Take a second to consider how much someone would know about you if they had unfettered access to your phone. We store so much information on our phones that our mobile devices have become windows into our lives. Think about all the apps you sign into, photos you take, and texts that you send. Studies show that the average person spends over four hours on their mobile device per day. The average person also has over 80 apps installed on his or her cell phone.
All of that information adds up to a treasure trove of identity data for anyone who gains access to it, regardless of whether it is through legal or illegal means. Accordingly, we’ve seen the data economy take-off, as companies have discovered that identity data is very valuable in the digital economy.
Until recently, we didn’t spend too much time or energy protecting our data. Passcodes were simple to hack or altogether nonexistent, giving thieves easy access to your credit card information, photos, emails, and anything else you’d store on your phone. It didn’t take much for bad actors to get their hands on your identity, then use it for nefarious purposes. The rise of the data economy, coupled with worsening data breaches and identity theft, have exacerbated these privacy concerns, and the face of privacy is changing.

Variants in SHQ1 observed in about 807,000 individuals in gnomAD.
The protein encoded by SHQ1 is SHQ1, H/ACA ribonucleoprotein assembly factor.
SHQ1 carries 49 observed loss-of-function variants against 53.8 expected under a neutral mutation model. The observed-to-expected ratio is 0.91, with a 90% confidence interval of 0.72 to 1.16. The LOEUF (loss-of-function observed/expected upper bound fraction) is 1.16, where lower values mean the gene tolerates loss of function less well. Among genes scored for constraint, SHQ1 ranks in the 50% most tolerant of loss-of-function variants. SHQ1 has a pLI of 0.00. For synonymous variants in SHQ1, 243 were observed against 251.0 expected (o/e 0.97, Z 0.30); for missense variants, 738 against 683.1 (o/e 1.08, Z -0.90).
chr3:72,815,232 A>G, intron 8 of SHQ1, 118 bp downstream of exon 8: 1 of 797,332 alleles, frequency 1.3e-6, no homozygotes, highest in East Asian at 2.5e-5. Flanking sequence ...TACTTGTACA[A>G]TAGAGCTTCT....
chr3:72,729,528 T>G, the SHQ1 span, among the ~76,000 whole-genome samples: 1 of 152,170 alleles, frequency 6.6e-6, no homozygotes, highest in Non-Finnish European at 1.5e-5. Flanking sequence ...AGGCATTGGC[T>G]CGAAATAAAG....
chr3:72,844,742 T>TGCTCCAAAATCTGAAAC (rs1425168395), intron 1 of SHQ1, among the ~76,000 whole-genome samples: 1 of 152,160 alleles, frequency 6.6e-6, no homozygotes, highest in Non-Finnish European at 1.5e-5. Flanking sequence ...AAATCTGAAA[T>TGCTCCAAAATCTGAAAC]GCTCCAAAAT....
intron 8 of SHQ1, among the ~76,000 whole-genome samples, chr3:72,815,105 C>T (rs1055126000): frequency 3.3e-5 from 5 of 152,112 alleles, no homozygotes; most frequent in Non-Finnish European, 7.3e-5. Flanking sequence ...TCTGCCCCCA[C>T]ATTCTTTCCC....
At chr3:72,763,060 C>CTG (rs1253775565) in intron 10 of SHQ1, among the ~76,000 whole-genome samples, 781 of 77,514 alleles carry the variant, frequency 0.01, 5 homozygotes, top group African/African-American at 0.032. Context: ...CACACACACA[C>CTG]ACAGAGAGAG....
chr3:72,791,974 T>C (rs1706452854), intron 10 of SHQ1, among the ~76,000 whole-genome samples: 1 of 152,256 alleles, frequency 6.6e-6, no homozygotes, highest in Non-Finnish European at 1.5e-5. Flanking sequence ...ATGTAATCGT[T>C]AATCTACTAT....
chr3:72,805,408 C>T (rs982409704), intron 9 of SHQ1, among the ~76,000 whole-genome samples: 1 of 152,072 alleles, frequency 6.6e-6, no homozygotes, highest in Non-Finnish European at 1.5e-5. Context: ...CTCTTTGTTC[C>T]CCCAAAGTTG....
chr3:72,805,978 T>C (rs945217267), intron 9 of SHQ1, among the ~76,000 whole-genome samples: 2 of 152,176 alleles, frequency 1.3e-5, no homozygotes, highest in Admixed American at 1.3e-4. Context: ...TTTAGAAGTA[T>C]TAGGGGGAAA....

We need new and improved security measures that actually protect users: making stolen data useless without the owner of said data. We need a system that values ownership of data rather than the sharing of data. The Civic App uses biometrics so that people must prove ownership of their data. Biometric authentication uses the things that make you, you — like your fingerprint or face — to ensure that only you can access or share this encrypted data. It’s much more secure than just sharing abstract information, like a social security number. Anyone can share your social security number, not everyone can prove ownership of your social security number.
Imagine if you had the Civic App pre-installed on your mobile phone and get your identity information verified the first time you use the device. Imagine if you could use this app as your ID at the airport or a bar, and you could use this app to log in and access every other app on your phone, from Facebook to your bank account, without the need to remember a username or password.
This is how digital identity can create a secure ecosystem, and this is the foundation that we’re building with Civic technology. The Civic App functions as the identity layer on your mobile device, and this functionality only becomes more powerful as it is connected to a growing ecosystem. The Civic App offers one, central account protected by biometrics and secured by blockchain attestations, in addition to giving you the ability to prove who you are on-demand.
This article was originally published by Chris Smith at ‘Civic’